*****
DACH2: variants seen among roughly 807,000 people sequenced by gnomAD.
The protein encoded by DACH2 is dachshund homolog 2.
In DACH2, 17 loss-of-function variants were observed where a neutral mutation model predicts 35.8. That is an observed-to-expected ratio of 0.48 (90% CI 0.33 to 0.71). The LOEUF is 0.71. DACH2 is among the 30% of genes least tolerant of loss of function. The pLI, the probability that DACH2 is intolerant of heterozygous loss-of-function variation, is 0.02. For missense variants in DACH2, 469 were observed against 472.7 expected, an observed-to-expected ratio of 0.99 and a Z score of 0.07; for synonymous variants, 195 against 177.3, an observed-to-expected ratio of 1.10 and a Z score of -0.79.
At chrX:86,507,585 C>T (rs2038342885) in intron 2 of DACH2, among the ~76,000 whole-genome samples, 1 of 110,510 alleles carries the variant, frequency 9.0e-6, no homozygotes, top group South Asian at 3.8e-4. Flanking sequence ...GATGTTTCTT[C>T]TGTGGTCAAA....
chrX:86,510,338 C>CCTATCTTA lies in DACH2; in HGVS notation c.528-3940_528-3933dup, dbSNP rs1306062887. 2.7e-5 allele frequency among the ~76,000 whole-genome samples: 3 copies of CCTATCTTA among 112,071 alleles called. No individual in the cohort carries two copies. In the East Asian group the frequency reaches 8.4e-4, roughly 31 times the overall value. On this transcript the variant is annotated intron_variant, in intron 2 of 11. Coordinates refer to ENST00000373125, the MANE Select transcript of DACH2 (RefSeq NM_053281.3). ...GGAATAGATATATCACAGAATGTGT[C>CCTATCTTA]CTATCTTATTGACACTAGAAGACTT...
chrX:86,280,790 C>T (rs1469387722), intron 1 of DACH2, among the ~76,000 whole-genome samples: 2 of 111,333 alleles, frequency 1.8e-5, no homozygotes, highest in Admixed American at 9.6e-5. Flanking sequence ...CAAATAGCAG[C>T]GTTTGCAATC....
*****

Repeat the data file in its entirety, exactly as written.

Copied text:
DACH2: variants seen among roughly 807,000 people sequenced by gnomAD.
The protein encoded by DACH2 is dachshund homolog 2.
In DACH2, 17 loss-of-function variants were observed where a neutral mutation model predicts 35.8. That is an observed-to-expected ratio of 0.48 (90% CI 0.33 to 0.71). The LOEUF is 0.71. DACH2 is among the 30% of genes least tolerant of loss of function. The pLI, the probability that DACH2 is intolerant of heterozygous loss-of-function variation, is 0.02. For missense variants in DACH2, 469 were observed against 472.7 expected, an observed-to-expected ratio of 0.99 and a Z score of 0.07; for synonymous variants, 195 against 177.3, an observed-to-expected ratio of 1.10 and a Z score of -0.79.
At chrX:86,507,585 C>T (rs2038342885) in intron 2 of DACH2, among the ~76,000 whole-genome samples, 1 of 110,510 alleles carries the variant, frequency 9.0e-6, no homozygotes, top group South Asian at 3.8e-4. Flanking sequence ...GATGTTTCTT[C>T]TGTGGTCAAA....
chrX:86,510,338 C>CCTATCTTA lies in DACH2; in HGVS notation c.528-3940_528-3933dup, dbSNP rs1306062887. 2.7e-5 allele frequency among the ~76,000 whole-genome samples: 3 copies of CCTATCTTA among 112,071 alleles called. No individual in the cohort carries two copies. In the East Asian group the frequency reaches 8.4e-4, roughly 31 times the overall value. On this transcript the variant is annotated intron_variant, in intron 2 of 11. Coordinates refer to ENST00000373125, the MANE Select transcript of DACH2 (RefSeq NM_053281.3). ...GGAATAGATATATCACAGAATGTGT[C>CCTATCTTA]CTATCTTATTGACACTAGAAGACTT...
chrX:86,280,790 C>T (rs1469387722), intron 1 of DACH2, among the ~76,000 whole-genome samples: 2 of 111,333 alleles, frequency 1.8e-5, no homozygotes, highest in Admixed American at 9.6e-5. Flanking sequence ...CAAATAGCAG[C>T]GTTTGCAATC....